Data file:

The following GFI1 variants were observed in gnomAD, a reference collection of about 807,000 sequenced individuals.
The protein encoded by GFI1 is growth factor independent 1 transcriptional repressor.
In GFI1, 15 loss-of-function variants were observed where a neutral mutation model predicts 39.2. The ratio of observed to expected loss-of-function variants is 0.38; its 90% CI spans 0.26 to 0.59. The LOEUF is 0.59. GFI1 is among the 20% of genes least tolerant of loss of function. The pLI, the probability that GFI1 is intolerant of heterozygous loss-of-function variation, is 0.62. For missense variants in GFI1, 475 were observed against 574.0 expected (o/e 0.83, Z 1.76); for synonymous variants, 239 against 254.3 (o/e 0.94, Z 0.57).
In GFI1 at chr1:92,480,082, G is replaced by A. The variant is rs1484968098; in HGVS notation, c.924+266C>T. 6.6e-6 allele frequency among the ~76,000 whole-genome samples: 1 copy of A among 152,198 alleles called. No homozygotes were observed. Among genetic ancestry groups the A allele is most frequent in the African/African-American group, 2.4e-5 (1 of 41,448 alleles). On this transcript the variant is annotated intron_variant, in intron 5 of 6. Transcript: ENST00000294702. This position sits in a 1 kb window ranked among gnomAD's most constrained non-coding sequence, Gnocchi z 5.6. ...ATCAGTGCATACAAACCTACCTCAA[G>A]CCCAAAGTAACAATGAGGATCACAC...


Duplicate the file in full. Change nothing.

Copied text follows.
The following GFI1 variants were observed in gnomAD, a reference collection of about 807,000 sequenced individuals.
The protein encoded by GFI1 is growth factor independent 1 transcriptional repressor.
In GFI1, 15 loss-of-function variants were observed where a neutral mutation model predicts 39.2. The ratio of observed to expected loss-of-function variants is 0.38; its 90% CI spans 0.26 to 0.59. The LOEUF is 0.59. GFI1 is among the 20% of genes least tolerant of loss of function. The pLI, the probability that GFI1 is intolerant of heterozygous loss-of-function variation, is 0.62. For missense variants in GFI1, 475 were observed against 574.0 expected (o/e 0.83, Z 1.76); for synonymous variants, 239 against 254.3 (o/e 0.94, Z 0.57).
In GFI1 at chr1:92,480,082, G is replaced by A. The variant is rs1484968098; in HGVS notation, c.924+266C>T. 6.6e-6 allele frequency among the ~76,000 whole-genome samples: 1 copy of A among 152,198 alleles called. No homozygotes were observed. Among genetic ancestry groups the A allele is most frequent in the African/African-American group, 2.4e-5 (1 of 41,448 alleles). On this transcript the variant is annotated intron_variant, in intron 5 of 6. Transcript: ENST00000294702. This position sits in a 1 kb window ranked among gnomAD's most constrained non-coding sequence, Gnocchi z 5.6. ...ATCAGTGCATACAAACCTACCTCAA[G>A]CCCAAAGTAACAATGAGGATCACAC...